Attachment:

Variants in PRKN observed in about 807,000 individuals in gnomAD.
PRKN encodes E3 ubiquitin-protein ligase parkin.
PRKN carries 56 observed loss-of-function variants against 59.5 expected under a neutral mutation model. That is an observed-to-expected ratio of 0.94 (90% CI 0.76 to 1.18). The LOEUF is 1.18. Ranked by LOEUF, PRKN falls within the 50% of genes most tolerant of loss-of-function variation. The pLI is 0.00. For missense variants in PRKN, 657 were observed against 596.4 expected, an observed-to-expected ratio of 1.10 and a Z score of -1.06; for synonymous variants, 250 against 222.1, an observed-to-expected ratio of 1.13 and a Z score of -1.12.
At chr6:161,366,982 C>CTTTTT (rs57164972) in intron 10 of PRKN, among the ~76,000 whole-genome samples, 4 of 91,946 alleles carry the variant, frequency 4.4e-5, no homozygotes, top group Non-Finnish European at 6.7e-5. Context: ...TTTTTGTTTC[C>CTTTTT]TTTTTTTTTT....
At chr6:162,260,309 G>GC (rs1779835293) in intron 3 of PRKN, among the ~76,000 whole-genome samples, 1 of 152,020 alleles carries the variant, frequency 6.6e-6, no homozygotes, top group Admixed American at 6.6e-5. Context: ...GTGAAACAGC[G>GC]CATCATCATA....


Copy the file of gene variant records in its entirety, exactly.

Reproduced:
Variants in PRKN observed in about 807,000 individuals in gnomAD.
PRKN encodes E3 ubiquitin-protein ligase parkin.
PRKN carries 56 observed loss-of-function variants against 59.5 expected under a neutral mutation model. That is an observed-to-expected ratio of 0.94 (90% CI 0.76 to 1.18). The LOEUF is 1.18. Ranked by LOEUF, PRKN falls within the 50% of genes most tolerant of loss-of-function variation. The pLI is 0.00. For missense variants in PRKN, 657 were observed against 596.4 expected, an observed-to-expected ratio of 1.10 and a Z score of -1.06; for synonymous variants, 250 against 222.1, an observed-to-expected ratio of 1.13 and a Z score of -1.12.
At chr6:161,366,982 C>CTTTTT (rs57164972) in intron 10 of PRKN, among the ~76,000 whole-genome samples, 4 of 91,946 alleles carry the variant, frequency 4.4e-5, no homozygotes, top group Non-Finnish European at 6.7e-5. Context: ...TTTTTGTTTC[C>CTTTTT]TTTTTTTTTT....
At chr6:162,260,309 G>GC (rs1779835293) in intron 3 of PRKN, among the ~76,000 whole-genome samples, 1 of 152,020 alleles carries the variant, frequency 6.6e-6, no homozygotes, top group Admixed American at 6.6e-5. Context: ...GTGAAACAGC[G>GC]CATCATCATA....